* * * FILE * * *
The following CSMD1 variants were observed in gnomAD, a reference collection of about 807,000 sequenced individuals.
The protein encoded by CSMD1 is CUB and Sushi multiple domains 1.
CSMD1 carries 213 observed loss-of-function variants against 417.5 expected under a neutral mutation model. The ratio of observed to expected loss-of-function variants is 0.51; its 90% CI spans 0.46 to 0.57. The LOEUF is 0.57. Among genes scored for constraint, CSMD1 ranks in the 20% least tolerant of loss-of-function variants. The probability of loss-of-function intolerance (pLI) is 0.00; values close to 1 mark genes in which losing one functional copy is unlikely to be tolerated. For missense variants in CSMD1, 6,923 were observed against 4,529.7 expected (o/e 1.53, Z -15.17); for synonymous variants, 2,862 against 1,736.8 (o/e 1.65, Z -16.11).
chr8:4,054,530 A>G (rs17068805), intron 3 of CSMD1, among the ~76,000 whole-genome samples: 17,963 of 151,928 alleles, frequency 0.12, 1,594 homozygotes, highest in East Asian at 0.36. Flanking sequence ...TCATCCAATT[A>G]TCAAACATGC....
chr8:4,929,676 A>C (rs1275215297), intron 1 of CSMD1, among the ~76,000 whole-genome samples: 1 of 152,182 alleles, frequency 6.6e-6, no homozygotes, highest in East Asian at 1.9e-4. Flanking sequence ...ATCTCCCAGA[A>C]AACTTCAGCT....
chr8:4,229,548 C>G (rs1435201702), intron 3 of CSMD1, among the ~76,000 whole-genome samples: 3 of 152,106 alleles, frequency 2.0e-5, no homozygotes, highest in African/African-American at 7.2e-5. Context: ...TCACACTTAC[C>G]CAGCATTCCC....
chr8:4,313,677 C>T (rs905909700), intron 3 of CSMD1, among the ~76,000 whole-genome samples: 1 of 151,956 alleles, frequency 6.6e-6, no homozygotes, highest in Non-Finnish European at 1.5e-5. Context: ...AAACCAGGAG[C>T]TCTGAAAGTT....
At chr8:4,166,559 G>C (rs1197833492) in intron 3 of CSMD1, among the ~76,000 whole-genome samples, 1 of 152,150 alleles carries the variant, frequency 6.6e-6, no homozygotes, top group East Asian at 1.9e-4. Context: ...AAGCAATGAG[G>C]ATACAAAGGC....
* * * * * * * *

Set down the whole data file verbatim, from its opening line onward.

The following CSMD1 variants were observed in gnomAD, a reference collection of about 807,000 sequenced individuals.
The protein encoded by CSMD1 is CUB and Sushi multiple domains 1.
CSMD1 carries 213 observed loss-of-function variants against 417.5 expected under a neutral mutation model. The ratio of observed to expected loss-of-function variants is 0.51; its 90% CI spans 0.46 to 0.57. The LOEUF is 0.57. Among genes scored for constraint, CSMD1 ranks in the 20% least tolerant of loss-of-function variants. The probability of loss-of-function intolerance (pLI) is 0.00; values close to 1 mark genes in which losing one functional copy is unlikely to be tolerated. For missense variants in CSMD1, 6,923 were observed against 4,529.7 expected (o/e 1.53, Z -15.17); for synonymous variants, 2,862 against 1,736.8 (o/e 1.65, Z -16.11).
chr8:4,054,530 A>G (rs17068805), intron 3 of CSMD1, among the ~76,000 whole-genome samples: 17,963 of 151,928 alleles, frequency 0.12, 1,594 homozygotes, highest in East Asian at 0.36. Flanking sequence ...TCATCCAATT[A>G]TCAAACATGC....
chr8:4,929,676 A>C (rs1275215297), intron 1 of CSMD1, among the ~76,000 whole-genome samples: 1 of 152,182 alleles, frequency 6.6e-6, no homozygotes, highest in East Asian at 1.9e-4. Flanking sequence ...ATCTCCCAGA[A>C]AACTTCAGCT....
chr8:4,229,548 C>G (rs1435201702), intron 3 of CSMD1, among the ~76,000 whole-genome samples: 3 of 152,106 alleles, frequency 2.0e-5, no homozygotes, highest in African/African-American at 7.2e-5. Context: ...TCACACTTAC[C>G]CAGCATTCCC....
chr8:4,313,677 C>T (rs905909700), intron 3 of CSMD1, among the ~76,000 whole-genome samples: 1 of 151,956 alleles, frequency 6.6e-6, no homozygotes, highest in Non-Finnish European at 1.5e-5. Context: ...AAACCAGGAG[C>T]TCTGAAAGTT....
At chr8:4,166,559 G>C (rs1197833492) in intron 3 of CSMD1, among the ~76,000 whole-genome samples, 1 of 152,150 alleles carries the variant, frequency 6.6e-6, no homozygotes, top group East Asian at 1.9e-4. Context: ...AAGCAATGAG[G>C]ATACAAAGGC....